Written By: Guy Schmitz, J.D., LL.M.
Consider advising your clients that all transfers potentially have tax consequences. Clients know that if they sell stock for a purchase price in excess of basis, there will be gain (assuming no offsetting losses). They will recognize quickly (if you tell them) that the transfer of services for money is income; they get W-2s. But there are more subtle transfers that they are not likely to consider as taxable transactions. See the recent Chief Counsel advice memorandum, CCA 201442053.
In the advice memorandum, the Chief Counsel held that there was a gift when a family business was recapitalized.
The family business was held in a limited liability company (LLC). The donor (Mom) held an X percent ownership interest in the LLC. Child A and B each held a Y percent ownership interest. In exchange for the agreement of Child A and B to manage the LLC, the operating agreement of the LLC was amended to provide that, going forward, all profit and loss, including gain and loss attributable to the assets, would be allocated equally between Child A and B. After the capitalization, the sole equity interest of the donor in the LLC was a right to distributions based upon the donor’s capital account balance immediately prior to the recapitalization.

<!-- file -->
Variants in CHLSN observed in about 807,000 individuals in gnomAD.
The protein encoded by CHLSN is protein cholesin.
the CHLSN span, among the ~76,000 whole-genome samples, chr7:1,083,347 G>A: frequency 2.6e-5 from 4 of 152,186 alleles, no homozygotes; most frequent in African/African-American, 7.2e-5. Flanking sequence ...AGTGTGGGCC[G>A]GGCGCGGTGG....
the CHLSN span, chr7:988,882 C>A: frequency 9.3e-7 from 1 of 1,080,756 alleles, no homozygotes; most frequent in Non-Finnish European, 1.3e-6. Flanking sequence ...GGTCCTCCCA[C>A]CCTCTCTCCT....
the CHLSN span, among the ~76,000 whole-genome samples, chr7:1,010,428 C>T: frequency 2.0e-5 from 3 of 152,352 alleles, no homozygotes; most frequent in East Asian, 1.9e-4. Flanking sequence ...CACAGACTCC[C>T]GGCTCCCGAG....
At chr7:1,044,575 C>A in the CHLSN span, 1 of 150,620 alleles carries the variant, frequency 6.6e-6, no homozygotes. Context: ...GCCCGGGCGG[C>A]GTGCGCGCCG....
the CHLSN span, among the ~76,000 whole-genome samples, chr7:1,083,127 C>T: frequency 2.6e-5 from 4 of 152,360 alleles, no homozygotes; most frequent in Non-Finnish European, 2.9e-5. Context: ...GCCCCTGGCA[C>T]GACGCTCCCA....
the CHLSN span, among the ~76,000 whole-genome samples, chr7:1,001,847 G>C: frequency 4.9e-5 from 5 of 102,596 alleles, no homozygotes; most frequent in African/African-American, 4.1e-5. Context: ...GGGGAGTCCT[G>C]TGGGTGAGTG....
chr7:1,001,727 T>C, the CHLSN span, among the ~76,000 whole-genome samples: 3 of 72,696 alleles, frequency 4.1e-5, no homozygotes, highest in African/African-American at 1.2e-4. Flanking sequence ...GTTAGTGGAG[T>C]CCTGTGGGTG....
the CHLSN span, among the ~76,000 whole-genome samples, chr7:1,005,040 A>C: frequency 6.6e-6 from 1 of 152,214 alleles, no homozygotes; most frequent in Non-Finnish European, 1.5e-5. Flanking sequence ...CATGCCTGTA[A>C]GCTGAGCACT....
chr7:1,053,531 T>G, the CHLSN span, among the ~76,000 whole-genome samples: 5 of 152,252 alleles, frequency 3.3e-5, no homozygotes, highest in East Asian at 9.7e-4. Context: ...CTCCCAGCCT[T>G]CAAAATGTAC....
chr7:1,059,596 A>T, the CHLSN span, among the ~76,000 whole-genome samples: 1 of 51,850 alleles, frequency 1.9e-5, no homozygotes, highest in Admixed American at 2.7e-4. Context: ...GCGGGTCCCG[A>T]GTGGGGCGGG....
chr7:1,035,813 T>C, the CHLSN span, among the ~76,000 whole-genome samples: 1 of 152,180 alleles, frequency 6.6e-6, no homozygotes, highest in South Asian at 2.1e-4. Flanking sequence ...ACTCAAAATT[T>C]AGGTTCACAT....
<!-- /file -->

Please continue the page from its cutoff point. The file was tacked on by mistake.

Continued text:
From these facts, it is easy enough to see that there was a shift in value. After the recapitalization, the donor’s sole equity right was frozen at her capital account balance immediately prior to the recapitalization. Donor’s otherwise future profits and losses (and distributions) were shifted to Child A and B. The Chief Counsel, in the advice memorandum, engaged chiefly in an exercise in valuation.
Practitioners will easily see the potential for gift tax, based upon the facts above. The client shouldn’t be expected to see an issue. The lawyer who presumably amended the operating agreement may not have had a tax practice. Thus, as said, consider telling a client that ALL transfers have potential tax consequences (here a gift tax consequence).